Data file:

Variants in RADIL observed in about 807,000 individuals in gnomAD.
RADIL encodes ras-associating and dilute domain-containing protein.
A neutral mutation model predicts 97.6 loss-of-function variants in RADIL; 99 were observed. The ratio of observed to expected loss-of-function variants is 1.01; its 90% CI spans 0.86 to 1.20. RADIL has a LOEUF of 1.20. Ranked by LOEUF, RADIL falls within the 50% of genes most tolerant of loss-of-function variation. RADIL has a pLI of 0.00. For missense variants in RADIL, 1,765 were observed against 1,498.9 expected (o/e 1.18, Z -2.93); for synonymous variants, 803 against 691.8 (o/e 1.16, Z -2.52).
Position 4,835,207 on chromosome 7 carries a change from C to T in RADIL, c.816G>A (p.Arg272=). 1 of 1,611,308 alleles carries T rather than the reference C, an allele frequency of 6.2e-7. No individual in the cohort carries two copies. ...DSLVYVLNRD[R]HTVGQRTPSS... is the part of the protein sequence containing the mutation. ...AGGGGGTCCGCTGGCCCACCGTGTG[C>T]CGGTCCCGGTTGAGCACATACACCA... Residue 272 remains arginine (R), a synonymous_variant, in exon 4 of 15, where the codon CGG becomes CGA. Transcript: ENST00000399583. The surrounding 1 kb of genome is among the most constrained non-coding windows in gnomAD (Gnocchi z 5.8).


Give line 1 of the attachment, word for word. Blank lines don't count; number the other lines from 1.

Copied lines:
Variants in RADIL observed in about 807,000 individuals in gnomAD.